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According to research out of the University of Scranton, the most popular New Year’s resolution is to lose weight. However, history shows that most people are more likely to achieve weight loss if instead they focus on changing their habits, using a SMART roadmap. SMART behavior changes are
It’s tough to maintain a healthy body weight without good nutrition but “eating right” is too vague for most people. To eat right, try a SMART goal: For example, your health goals require a healthy diet. You may decide to try a Mediterranean diet—eating primarily fresh, whole, foods, including vegetables, fruit, beans and lentils, nuts, seeds, whole grains, and olive oil—which is known to foster a healthier weight and to ward off chronic diseases.
Then choose one or more of these SMART options:
To make these goals time-bound, plan for change: Commit to grocery shopping on the weekend to ensure you’re stocked up—fruit, vegetables, hummus for dip, nuts for snacking, and whole grain pasta for a quick dinner—for the upcoming week.
If you aren’t ready for an entire diet overhaul, SMART goals still work in your favor. Simply replacing one unhealthy nutrition habit will put you on the path to reaching your health goals.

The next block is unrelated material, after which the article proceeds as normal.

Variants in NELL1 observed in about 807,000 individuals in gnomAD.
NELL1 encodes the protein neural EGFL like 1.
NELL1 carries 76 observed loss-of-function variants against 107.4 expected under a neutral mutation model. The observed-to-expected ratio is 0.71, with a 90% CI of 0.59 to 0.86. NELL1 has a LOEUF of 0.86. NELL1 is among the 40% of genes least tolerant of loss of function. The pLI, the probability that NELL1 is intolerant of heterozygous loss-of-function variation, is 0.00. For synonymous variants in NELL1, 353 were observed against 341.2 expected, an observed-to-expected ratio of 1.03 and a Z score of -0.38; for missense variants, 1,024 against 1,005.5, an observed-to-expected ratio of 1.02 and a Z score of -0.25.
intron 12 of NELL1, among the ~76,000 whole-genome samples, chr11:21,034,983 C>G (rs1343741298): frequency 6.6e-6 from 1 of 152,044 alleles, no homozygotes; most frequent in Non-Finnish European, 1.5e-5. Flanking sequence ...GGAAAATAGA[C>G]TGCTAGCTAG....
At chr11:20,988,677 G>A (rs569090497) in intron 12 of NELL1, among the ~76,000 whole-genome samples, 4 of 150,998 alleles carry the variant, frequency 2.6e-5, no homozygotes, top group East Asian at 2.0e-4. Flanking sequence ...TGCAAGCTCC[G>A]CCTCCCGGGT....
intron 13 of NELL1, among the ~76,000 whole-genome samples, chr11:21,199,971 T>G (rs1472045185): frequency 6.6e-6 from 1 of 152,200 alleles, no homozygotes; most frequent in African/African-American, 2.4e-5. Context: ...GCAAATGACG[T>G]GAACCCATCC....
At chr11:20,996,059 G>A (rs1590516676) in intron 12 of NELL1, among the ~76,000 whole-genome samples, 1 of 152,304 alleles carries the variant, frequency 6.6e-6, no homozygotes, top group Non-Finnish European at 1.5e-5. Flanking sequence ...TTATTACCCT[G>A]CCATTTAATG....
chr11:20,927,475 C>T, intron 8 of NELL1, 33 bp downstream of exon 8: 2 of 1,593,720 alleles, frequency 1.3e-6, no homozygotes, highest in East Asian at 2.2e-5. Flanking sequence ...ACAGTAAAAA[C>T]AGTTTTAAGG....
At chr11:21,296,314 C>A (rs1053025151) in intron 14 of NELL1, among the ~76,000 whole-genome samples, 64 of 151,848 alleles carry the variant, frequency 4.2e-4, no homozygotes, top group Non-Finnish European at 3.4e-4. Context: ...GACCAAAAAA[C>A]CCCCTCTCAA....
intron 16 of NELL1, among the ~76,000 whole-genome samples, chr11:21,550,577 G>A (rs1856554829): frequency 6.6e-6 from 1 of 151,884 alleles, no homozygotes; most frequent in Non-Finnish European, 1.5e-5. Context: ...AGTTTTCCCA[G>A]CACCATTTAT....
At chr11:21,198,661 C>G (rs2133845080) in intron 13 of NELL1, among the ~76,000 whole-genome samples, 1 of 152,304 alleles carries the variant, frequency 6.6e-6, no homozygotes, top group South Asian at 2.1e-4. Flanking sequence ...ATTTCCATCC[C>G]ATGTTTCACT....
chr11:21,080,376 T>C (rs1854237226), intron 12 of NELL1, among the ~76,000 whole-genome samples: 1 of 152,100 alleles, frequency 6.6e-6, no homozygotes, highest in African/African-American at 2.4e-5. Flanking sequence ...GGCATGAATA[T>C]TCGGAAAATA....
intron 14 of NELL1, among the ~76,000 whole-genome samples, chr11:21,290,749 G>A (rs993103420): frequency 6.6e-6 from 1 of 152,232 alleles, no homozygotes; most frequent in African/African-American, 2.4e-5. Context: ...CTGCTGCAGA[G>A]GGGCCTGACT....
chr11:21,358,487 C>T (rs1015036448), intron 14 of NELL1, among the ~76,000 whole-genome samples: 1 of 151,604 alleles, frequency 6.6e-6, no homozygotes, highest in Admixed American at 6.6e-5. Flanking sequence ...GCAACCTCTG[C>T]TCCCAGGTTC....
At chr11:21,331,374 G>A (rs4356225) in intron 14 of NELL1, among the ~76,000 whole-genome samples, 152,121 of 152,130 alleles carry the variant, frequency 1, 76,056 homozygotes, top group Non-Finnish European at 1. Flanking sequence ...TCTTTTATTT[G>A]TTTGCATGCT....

Tip: Commit to one goal, on a timeline. Give yourself two to four weeks to establish one healthy habit. (Try keeping fruit and nuts on hand to stay ahead of salty/sugary cravings.) At the end of that time, pick a second goal to build on your success.
No New Year’s resolution would be complete without exercise. As with diet changes, the most successful long-term exercisers employ SMART techniques:
Don’t forget about supporting your body with the right nutrients. When people make diet changes, they may end up short-changing certain nutrients. Here are five pointers for expanding a safe and sensible supplement routine:
If you haven’t exercised in years, talk to your doctor or a knowledgeable exercise trainer about a manageable plan that fits your needs and budget. Consider current exercise trends, and whether they are right for you. CrossFit or military-style boot camps may be all the rage, but they aren’t always kind to mature bodies. If you’re not a fitness buff already, don’t start with activities more likely to strain a muscle or stress a joint because of the new movements in an intense environment.
According to Dr. John M. Grohol, PsyD, it helps to “remember that we're all human, we all make mistakes. It does no good to get depressed or disillusioned by setbacks in trying to reach your goals. It's a part of the process and means nothing more than a temporary setback. Putting such temporary setbacks into their proper perspective can help you move beyond them and put them behind you.”